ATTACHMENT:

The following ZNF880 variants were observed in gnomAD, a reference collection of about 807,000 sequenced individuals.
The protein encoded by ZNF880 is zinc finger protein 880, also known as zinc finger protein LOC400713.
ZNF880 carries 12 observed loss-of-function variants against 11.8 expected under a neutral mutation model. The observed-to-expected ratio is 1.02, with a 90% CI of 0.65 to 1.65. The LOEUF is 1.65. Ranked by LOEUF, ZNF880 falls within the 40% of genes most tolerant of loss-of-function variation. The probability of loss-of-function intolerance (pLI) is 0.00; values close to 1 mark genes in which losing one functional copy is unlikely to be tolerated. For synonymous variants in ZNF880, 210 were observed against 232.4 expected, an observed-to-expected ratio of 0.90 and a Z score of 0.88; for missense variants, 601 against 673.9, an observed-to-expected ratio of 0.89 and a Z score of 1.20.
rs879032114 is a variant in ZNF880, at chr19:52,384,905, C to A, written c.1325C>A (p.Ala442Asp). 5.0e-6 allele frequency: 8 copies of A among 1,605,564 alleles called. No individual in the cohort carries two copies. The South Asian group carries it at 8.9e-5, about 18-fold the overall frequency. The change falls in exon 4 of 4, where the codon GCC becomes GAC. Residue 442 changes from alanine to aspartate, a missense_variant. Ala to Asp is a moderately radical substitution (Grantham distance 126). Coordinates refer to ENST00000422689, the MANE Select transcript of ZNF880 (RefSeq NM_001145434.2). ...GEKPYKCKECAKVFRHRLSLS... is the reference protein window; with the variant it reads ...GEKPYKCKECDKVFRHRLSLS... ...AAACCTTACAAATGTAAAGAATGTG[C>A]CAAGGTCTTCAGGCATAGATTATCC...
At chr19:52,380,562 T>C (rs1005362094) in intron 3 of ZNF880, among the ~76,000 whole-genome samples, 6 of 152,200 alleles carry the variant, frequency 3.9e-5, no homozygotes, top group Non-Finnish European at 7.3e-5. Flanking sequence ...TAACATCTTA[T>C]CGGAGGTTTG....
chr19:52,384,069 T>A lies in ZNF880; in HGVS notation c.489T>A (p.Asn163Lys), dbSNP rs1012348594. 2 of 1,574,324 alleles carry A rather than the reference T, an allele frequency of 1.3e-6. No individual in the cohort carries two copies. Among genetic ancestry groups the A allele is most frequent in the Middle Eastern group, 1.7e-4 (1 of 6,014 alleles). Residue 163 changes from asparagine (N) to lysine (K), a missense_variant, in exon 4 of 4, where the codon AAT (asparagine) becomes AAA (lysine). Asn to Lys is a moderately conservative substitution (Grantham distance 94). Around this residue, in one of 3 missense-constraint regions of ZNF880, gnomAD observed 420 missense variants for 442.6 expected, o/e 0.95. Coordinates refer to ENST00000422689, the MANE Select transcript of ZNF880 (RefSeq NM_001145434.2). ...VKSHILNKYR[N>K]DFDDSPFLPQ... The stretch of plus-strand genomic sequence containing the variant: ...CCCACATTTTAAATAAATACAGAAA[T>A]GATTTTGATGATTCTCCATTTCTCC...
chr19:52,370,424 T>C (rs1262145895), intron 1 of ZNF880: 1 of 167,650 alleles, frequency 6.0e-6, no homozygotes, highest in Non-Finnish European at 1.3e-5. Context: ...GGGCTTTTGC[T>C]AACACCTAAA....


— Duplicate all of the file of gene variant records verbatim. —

The following ZNF880 variants were observed in gnomAD, a reference collection of about 807,000 sequenced individuals.
The protein encoded by ZNF880 is zinc finger protein 880, also known as zinc finger protein LOC400713.
ZNF880 carries 12 observed loss-of-function variants against 11.8 expected under a neutral mutation model. The observed-to-expected ratio is 1.02, with a 90% CI of 0.65 to 1.65. The LOEUF is 1.65. Ranked by LOEUF, ZNF880 falls within the 40% of genes most tolerant of loss-of-function variation. The probability of loss-of-function intolerance (pLI) is 0.00; values close to 1 mark genes in which losing one functional copy is unlikely to be tolerated. For synonymous variants in ZNF880, 210 were observed against 232.4 expected, an observed-to-expected ratio of 0.90 and a Z score of 0.88; for missense variants, 601 against 673.9, an observed-to-expected ratio of 0.89 and a Z score of 1.20.
rs879032114 is a variant in ZNF880, at chr19:52,384,905, C to A, written c.1325C>A (p.Ala442Asp). 5.0e-6 allele frequency: 8 copies of A among 1,605,564 alleles called. No individual in the cohort carries two copies. The South Asian group carries it at 8.9e-5, about 18-fold the overall frequency. The change falls in exon 4 of 4, where the codon GCC becomes GAC. Residue 442 changes from alanine to aspartate, a missense_variant. Ala to Asp is a moderately radical substitution (Grantham distance 126). Coordinates refer to ENST00000422689, the MANE Select transcript of ZNF880 (RefSeq NM_001145434.2). ...GEKPYKCKECAKVFRHRLSLS... is the reference protein window; with the variant it reads ...GEKPYKCKECDKVFRHRLSLS... ...AAACCTTACAAATGTAAAGAATGTG[C>A]CAAGGTCTTCAGGCATAGATTATCC...
At chr19:52,380,562 T>C (rs1005362094) in intron 3 of ZNF880, among the ~76,000 whole-genome samples, 6 of 152,200 alleles carry the variant, frequency 3.9e-5, no homozygotes, top group Non-Finnish European at 7.3e-5. Flanking sequence ...TAACATCTTA[T>C]CGGAGGTTTG....
chr19:52,384,069 T>A lies in ZNF880; in HGVS notation c.489T>A (p.Asn163Lys), dbSNP rs1012348594. 2 of 1,574,324 alleles carry A rather than the reference T, an allele frequency of 1.3e-6. No individual in the cohort carries two copies. Among genetic ancestry groups the A allele is most frequent in the Middle Eastern group, 1.7e-4 (1 of 6,014 alleles). Residue 163 changes from asparagine (N) to lysine (K), a missense_variant, in exon 4 of 4, where the codon AAT (asparagine) becomes AAA (lysine). Asn to Lys is a moderately conservative substitution (Grantham distance 94). Around this residue, in one of 3 missense-constraint regions of ZNF880, gnomAD observed 420 missense variants for 442.6 expected, o/e 0.95. Coordinates refer to ENST00000422689, the MANE Select transcript of ZNF880 (RefSeq NM_001145434.2). ...VKSHILNKYR[N>K]DFDDSPFLPQ... The stretch of plus-strand genomic sequence containing the variant: ...CCCACATTTTAAATAAATACAGAAA[T>A]GATTTTGATGATTCTCCATTTCTCC...
chr19:52,370,424 T>C (rs1262145895), intron 1 of ZNF880: 1 of 167,650 alleles, frequency 6.0e-6, no homozygotes, highest in Non-Finnish European at 1.3e-5. Context: ...GGGCTTTTGC[T>C]AACACCTAAA....